PASCO -- A divided Port of Pasco commission decided Thursday to give a tenant it evicted last fall another chance.
"Staff members have spent an inordinate amount of time getting payments that needed to be paid (from the tenant Green Power)," Commissioner Bill Clark said after the vote was taken. "Extend(ing) this opportunity to (Green Power) is probably the last effort," he added.
Commissioners Clark and Ernie Boston agreed to offer Green Power a six-month lease on the condition owner Michael Spitzauer pay rent for all six months in advance.
They also authorized offering Green Power an additional six-month lease after that, solely at the commissioners' discretion.
"I wanted to give him another chance," Boston said. He added that leasing to Green Power again might raise enough money to clean up the site should things not work out.
Green Power already has begun construction on a demonstration facility that Spitzauer said could turn waste into fuel.
Commissioner Jim Klindworth voted against the motion, saying that even if Spitzauer produces signed contracts from governments wanting to buy similar facilities, "what verification do you have it means any more than all the rest of the stuff you have in front of you?"
The port evicted Green Power in September after ongoing problems with its owner missing deadlines, making late payments and paying with bad checks.
Spitzauer came before the commissioners in early January to ask for a six-month lease that he offered to pay up-front. But they asked him to come back with more information about his financial viability.
Before Thursday's meeting, Spitzauer sent commissioners copies of letters from government officials in four cities -- in Mexico, Spain and China -- expressing their intent to buy one of Green Power's facilities.
But he said all those contracts are on hold until he has a new lease with the port.
Eduard van Roosmalen, who introduced himself as a private consultant, appeared with Spitzauer. He said a European investment group asked him to investigate Green Power.
Van Roosmalen said his report will recommend Spitzauer get a financial officer and a good sales manager, and then his business should run smoothly.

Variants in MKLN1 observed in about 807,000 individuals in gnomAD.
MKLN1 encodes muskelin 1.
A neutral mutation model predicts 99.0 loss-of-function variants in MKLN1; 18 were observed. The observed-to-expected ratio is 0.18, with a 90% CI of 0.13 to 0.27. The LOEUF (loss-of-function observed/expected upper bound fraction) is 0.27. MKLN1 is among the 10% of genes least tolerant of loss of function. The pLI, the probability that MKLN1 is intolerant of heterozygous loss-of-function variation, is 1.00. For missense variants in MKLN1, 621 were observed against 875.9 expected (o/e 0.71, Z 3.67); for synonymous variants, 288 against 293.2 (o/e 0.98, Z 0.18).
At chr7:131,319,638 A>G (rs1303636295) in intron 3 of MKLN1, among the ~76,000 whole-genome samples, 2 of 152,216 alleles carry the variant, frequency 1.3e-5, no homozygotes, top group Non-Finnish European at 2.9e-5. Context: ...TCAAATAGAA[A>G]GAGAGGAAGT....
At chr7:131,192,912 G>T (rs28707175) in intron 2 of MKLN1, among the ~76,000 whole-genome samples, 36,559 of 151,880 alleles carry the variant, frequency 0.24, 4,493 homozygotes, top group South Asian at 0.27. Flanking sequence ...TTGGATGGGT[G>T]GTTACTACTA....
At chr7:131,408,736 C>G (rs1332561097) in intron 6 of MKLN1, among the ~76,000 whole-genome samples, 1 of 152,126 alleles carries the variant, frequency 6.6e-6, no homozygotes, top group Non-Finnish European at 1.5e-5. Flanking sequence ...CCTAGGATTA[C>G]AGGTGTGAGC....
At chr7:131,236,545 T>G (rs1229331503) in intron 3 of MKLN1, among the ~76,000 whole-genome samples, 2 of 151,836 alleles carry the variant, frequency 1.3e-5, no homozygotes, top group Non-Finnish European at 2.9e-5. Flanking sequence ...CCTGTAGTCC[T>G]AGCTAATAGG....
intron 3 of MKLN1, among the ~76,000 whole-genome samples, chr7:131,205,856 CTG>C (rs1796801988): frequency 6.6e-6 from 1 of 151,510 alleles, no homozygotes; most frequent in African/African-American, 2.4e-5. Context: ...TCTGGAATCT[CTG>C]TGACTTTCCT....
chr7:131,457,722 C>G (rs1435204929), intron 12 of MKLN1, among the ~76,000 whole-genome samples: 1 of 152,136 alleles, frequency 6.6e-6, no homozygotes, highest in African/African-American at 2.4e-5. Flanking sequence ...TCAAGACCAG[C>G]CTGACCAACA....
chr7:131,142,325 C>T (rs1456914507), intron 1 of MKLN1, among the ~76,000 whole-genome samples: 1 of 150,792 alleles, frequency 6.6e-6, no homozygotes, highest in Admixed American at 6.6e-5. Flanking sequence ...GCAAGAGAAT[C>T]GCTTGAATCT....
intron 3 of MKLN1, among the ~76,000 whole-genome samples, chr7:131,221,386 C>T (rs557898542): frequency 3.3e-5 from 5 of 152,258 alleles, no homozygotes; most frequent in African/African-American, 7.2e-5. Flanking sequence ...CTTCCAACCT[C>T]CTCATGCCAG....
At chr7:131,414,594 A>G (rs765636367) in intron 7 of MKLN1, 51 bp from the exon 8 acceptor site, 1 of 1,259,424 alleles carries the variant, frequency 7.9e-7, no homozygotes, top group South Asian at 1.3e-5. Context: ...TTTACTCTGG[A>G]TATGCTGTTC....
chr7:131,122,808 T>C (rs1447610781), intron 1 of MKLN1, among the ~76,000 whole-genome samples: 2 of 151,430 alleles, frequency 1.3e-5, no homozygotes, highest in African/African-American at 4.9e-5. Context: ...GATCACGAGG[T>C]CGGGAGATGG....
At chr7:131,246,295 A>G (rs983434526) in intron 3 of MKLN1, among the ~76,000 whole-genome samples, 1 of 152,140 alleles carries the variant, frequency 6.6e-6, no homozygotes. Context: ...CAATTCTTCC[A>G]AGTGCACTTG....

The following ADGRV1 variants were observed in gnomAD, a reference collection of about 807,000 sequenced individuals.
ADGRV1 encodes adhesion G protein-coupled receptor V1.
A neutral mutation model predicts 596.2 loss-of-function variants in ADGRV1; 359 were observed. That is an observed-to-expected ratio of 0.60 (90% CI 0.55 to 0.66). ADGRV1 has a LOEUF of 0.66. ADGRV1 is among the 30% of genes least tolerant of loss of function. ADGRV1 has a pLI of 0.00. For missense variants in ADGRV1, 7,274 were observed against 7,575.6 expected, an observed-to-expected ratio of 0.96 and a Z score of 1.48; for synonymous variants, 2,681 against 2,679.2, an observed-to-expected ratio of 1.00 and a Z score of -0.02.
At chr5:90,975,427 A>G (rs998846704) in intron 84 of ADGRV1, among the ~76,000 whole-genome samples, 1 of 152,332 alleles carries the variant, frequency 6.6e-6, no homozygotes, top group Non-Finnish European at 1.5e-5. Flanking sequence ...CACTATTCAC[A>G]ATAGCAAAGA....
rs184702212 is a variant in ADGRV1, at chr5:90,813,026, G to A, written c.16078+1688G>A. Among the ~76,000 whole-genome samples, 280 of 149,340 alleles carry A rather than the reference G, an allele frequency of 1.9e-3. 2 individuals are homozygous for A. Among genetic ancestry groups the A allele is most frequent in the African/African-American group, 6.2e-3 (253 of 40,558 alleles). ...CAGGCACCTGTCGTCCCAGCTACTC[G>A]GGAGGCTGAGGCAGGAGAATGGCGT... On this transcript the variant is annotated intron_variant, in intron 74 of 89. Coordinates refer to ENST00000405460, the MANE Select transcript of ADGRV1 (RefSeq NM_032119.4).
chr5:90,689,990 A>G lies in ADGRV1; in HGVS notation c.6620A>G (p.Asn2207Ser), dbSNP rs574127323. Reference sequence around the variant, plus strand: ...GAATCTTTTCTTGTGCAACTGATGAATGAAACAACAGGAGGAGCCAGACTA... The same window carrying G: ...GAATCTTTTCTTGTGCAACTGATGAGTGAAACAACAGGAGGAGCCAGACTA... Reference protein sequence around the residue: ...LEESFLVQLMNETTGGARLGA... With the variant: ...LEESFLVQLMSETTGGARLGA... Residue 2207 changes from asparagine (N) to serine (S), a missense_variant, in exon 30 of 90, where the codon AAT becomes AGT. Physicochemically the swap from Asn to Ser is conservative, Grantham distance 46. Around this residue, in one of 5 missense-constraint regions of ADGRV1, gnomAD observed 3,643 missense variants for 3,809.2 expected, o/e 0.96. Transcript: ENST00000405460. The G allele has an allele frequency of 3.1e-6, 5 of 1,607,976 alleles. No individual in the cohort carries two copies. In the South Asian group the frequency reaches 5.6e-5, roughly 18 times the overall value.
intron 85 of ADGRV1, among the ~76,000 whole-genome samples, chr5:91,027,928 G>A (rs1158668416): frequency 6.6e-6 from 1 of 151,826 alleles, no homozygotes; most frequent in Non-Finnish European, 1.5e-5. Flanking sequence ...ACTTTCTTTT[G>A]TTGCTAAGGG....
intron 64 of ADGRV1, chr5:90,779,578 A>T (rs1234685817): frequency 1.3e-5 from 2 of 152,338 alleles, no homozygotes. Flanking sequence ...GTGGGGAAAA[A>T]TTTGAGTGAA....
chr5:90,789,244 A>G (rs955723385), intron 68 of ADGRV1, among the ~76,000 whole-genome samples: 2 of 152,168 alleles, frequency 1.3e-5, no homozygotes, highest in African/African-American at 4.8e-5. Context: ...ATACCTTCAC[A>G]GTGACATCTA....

He said many government officials have shown interest in buying a Green Power facility, but they first want to see one functioning plant.
"As soon as he signs that first agreement (with a government), he will not be in financial trouble any more," van Roosmalen said.
Before Thursday's meeting, Spitzauer provided commissioners a stack of letters from previous creditors that said Green Power had paid off its debts.
Spitzauer said he had set up payment plans with six other creditors, as well as with the state Department of Labor and Industries.
Although he didn't elaborate, Spitzauer reportedly was behind in paying taxes for industrial insurance for employees.
He also said he had settled claims with two former employees without elaborating.
Commissioners also raised questions about the fact that the state Department of Ecology ordered Green Power to shut down its plant Aug. 5 because the company didn't have a permit for its synthetic fuel reactor that the state said could emit "harmful toxic air pollution."
Spitzauer replied that his company has eliminated a turbine that would have emitted the pollution.
Boston asked Spitzauer about the information he submitted to commissioners as well as about the company's overall financial viability.
And Klindworth expressed concerns that "40 truckloads" of trash might be coming into the port facility each day.
Spitzauer said it would only be a demonstration project and not a fully operational facility.
As part of the lease agreement, commissioners directed port Executive Director Jim Toomey to prepare wording that would limit how long trash could stay at the Green Power site.
* Kathy Korengel: 509-582-1541; email@example.com